The logic of externalising the threat is also apparent in Operation Usalama Watch, a ham-handed security operation that began in April and largely centred in Nairobi’s Somali neighbourhoods of Eastleigh and South C. More than 3,000 people were arrested and incarcerated in the city’s Kasarani stadium on various immigration and refugee infringements.
As of the middle of July, six refugees registered with the UNHCR were re-fouled to Somalia, including one mentally challenged individual and two children. The message was clear: Somalis do not belong in Kenya and they spread violence and insecurity in the country. Images circulating on social media of Somalis incarcerated in what appeared to be large cages affirmed the worst claims that Kenya’s police and security agencies are discriminatory toward and inhumane in their treatment of Somalis, many of whom hold Kenyan citizenship.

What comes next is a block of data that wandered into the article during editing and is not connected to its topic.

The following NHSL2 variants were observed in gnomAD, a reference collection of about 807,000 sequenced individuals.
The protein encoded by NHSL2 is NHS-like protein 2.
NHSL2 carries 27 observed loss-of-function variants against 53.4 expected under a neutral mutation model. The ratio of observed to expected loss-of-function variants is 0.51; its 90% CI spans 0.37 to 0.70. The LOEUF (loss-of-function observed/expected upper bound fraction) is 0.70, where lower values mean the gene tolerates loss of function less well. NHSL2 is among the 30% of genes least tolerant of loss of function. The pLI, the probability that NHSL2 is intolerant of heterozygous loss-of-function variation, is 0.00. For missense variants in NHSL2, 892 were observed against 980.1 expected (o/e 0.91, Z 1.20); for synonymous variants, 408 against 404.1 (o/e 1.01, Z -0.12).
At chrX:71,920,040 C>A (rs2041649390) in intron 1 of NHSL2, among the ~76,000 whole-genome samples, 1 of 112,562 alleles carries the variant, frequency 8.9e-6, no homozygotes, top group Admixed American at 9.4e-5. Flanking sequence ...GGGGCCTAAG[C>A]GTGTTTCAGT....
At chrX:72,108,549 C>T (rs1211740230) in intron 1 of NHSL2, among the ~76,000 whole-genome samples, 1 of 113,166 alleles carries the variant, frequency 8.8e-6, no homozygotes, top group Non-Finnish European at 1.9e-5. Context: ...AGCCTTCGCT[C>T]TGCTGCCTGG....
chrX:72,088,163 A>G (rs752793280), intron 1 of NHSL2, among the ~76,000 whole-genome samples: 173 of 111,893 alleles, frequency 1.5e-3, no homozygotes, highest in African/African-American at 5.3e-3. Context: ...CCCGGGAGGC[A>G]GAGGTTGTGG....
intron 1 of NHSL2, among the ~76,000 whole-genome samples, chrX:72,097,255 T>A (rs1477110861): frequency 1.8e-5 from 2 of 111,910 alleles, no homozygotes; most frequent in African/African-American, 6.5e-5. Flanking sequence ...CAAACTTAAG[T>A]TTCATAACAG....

The Independent Policing Oversight Authority in July said that the police failed to uphold the requirements of Article 244 of the Constitution to strive for professionalism and discipline and to promote and practice transparency and accountability during the operation.
The debate that wasn’t
Kenya’s security responses have widened a gulf between its security and intelligence agencies and Somalis while doing little to improve security for most Kenyans. Meanwhile, Al Shabaab has shown itself adept at stoking deep-lying grievances amongst Kenya’s Somalis, Muslims and other Coastal communities, in effect localising its jihad in Kenya.